While undocumented students and their families have always lived with the daily fear of deportation, the day Donald Trump was elected president marked a point at which many families began vocalizing their fears within the safety of school walls. Parents are seeking reassurance that their children’s records won’t be released to immigration officials; students are expressing worry that their parents or other family members will be deported before they get home from school.
In the past month, anxiety over deportations significantly increased as nearly 700 undocumented immigrants were arrested during targeted raids in at least six states. Then, last week, the U.S. Department of Homeland Security released new guidelines that broadened the types of undocumented immigrants who can be detained beyond those who have committed “serious crimes.” The guidelines also provided immigration officials greater discretion over whom to pursue.
Immigrant-rights advocates say that such broad guidelines will tear otherwise law-abiding families apart. The number of undocumented immigrants who have lived in the United States for more than a decade has been steadily increasing, as overall numbers of those who come here without papers have declined. The result is more undocumented immigrants who have started families, built lives and sent their children to school in the United States.
Roughly 50 million students were enrolled in U.S. public elementary and secondary schools in 2012; seven percent of those students had at least one undocumented parent. As The Atlantic succinctly put it in 2016, “immigration policy is education policy.”
Students are being kept home from school due to deportation fears. Those who do attend bring physical and emotional stress with them into classrooms and may have difficulty focusing on academics. Teachers are spending parent-teacher conferences counseling families on how to prepare for possible deportation, not discussing their children’s school performance.
Teachers are often the first resource for families in need because they have established a trusting relationship. There are resources available for teachers when counseling undocumented families, including this one from the National Immigration Law Center. If you haven’t seen the Teaching Tolerance post on what to say to students regarding immigration orders, read it here.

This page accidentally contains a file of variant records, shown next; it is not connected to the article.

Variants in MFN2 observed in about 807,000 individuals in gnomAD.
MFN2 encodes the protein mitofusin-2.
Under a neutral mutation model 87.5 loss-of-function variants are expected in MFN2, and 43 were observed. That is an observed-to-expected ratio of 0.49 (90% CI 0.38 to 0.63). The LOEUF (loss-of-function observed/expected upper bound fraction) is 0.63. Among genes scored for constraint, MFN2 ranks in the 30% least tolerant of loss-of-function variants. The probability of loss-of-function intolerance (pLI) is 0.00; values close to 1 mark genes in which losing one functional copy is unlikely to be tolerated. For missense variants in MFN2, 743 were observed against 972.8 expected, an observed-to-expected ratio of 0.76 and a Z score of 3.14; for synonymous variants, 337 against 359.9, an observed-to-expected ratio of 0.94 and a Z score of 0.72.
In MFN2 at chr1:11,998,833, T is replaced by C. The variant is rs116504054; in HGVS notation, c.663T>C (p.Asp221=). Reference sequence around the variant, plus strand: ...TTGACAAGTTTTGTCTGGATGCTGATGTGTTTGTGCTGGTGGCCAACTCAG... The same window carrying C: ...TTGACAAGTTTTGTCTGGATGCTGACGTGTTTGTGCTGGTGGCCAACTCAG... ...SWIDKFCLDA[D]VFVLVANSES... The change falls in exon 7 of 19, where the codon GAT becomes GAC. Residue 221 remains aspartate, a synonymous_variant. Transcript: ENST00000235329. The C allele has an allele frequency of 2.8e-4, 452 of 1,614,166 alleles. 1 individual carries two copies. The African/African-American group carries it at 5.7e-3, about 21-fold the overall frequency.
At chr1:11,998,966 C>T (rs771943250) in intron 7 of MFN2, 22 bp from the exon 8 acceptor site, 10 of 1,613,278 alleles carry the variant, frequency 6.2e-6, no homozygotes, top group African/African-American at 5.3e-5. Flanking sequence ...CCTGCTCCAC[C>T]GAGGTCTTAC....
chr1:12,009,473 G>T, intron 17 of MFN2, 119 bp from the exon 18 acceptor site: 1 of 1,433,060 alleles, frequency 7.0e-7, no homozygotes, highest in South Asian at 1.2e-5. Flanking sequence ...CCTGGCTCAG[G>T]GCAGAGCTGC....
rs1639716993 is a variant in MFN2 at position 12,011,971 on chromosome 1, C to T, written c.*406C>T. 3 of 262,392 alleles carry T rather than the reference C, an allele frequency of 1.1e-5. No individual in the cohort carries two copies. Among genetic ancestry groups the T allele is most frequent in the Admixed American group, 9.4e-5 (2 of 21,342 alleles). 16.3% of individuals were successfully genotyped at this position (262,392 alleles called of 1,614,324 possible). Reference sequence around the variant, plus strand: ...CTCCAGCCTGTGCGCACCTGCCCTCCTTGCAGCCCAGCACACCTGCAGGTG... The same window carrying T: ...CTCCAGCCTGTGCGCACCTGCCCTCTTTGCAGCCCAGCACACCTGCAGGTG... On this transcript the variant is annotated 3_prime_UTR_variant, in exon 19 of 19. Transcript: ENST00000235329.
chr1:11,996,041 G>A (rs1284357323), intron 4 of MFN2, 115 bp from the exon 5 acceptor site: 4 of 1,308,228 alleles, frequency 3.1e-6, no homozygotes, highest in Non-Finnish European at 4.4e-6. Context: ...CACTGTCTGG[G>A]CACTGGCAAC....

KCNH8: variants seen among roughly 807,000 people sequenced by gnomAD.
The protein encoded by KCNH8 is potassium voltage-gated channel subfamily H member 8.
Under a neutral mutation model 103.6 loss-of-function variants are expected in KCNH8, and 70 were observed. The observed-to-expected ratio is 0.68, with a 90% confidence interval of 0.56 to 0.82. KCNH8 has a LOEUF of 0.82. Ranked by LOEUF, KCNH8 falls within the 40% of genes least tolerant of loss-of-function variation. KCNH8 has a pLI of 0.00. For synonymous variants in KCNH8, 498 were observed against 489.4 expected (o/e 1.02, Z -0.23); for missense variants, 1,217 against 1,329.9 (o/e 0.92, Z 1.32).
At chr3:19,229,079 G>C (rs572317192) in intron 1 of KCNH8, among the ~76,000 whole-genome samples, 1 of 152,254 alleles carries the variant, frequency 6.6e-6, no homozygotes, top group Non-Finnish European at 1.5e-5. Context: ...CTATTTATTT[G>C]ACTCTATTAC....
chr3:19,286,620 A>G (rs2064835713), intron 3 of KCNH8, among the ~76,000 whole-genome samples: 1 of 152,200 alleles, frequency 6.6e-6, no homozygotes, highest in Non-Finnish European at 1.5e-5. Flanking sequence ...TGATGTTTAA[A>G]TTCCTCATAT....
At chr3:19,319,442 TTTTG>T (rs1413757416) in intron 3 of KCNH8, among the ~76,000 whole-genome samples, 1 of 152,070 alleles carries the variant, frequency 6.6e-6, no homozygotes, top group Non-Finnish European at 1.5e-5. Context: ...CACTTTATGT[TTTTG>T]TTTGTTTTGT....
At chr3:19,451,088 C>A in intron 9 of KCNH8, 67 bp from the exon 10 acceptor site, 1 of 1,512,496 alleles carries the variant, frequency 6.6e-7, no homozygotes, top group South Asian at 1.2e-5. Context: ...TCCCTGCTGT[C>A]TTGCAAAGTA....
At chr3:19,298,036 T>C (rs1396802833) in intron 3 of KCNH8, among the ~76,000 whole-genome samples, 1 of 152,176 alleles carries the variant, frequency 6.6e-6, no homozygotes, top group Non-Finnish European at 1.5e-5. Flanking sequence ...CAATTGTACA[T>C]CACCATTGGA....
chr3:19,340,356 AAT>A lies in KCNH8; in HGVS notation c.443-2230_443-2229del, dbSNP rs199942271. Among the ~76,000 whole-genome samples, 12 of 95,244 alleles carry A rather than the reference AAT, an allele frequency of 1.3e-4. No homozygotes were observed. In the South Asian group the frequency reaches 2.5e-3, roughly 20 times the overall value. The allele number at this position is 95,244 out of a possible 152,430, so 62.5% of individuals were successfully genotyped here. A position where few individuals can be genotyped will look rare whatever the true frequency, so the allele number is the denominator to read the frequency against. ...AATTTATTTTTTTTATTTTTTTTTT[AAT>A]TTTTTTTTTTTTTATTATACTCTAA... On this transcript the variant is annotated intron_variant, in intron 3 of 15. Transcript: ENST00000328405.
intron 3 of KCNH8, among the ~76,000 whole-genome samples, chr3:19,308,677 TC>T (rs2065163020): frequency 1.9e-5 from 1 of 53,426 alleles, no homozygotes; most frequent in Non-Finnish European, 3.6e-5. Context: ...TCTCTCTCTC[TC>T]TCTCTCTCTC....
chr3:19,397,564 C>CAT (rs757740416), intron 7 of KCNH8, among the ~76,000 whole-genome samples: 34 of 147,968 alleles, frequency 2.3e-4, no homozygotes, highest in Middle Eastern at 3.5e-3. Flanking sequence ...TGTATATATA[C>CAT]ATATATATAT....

In an attempt to ease concerns from families, as well as provide clear direction for teachers and staff, some school districts are taking a public stand to protect and educate students who may be undocumented. A few examples:
- Chicago Public Schools’ Chief Education Officer Janice Jackson advised principals not to let immigration officials into schools without criminal warrants. Nearby Evanston School District 202’s school board passed a “safe haven” resolution that, among other directives, prohibits employees, contractors or volunteers from inquiring about students’ immigration statuses or releasing such information to U.S. Immigration and Customs Enforcement (ICE) without a court order to do so.
- The Denver Public Schools Board of Education passed a resolution that promised schools would not share information about students unless required by law, and would fight to protect students’ legal rights.
- Sacramento City Unified School District, along with several other California districts, adopted a “safe haven” policy that provides a range of inclusive efforts, from promoting tolerance over hate speech to offering focused staff development opportunities.
It’s important to note that ICE continues to define schools as “sensitive locations” and therefore will avoid engaging in “enforcement actions” on school property. School districts that promise to keep ICE away from schools and student records are providing more of a symbolic—but still important—way to show solidarity with undocumented families.
Even schools under the safe haven banner are trying to understand what exactly that designation means for their particular students. Some schools are partnering with local governments and nonprofit organizations to provide families with information about their legal rights. Schools are also developing rapid-response networks that can help children whose family members have been detained and also develop procedures in case emergency contacts can’t be reached. Some schools are considering connecting families directly to legal representation.
Schools are uniquely qualified to not only provide essential support for students from undocumented families, but also to remind others about the importance of being inclusive, equitable and respectful. After all, every child in the United States has the right to an education, no matter their citizenship status.
This blog was produced in partnership with the anti-hate news project 500 Pens.
Applegate is a journalist, editor and storyteller who focuses on youth, family and social justice issues.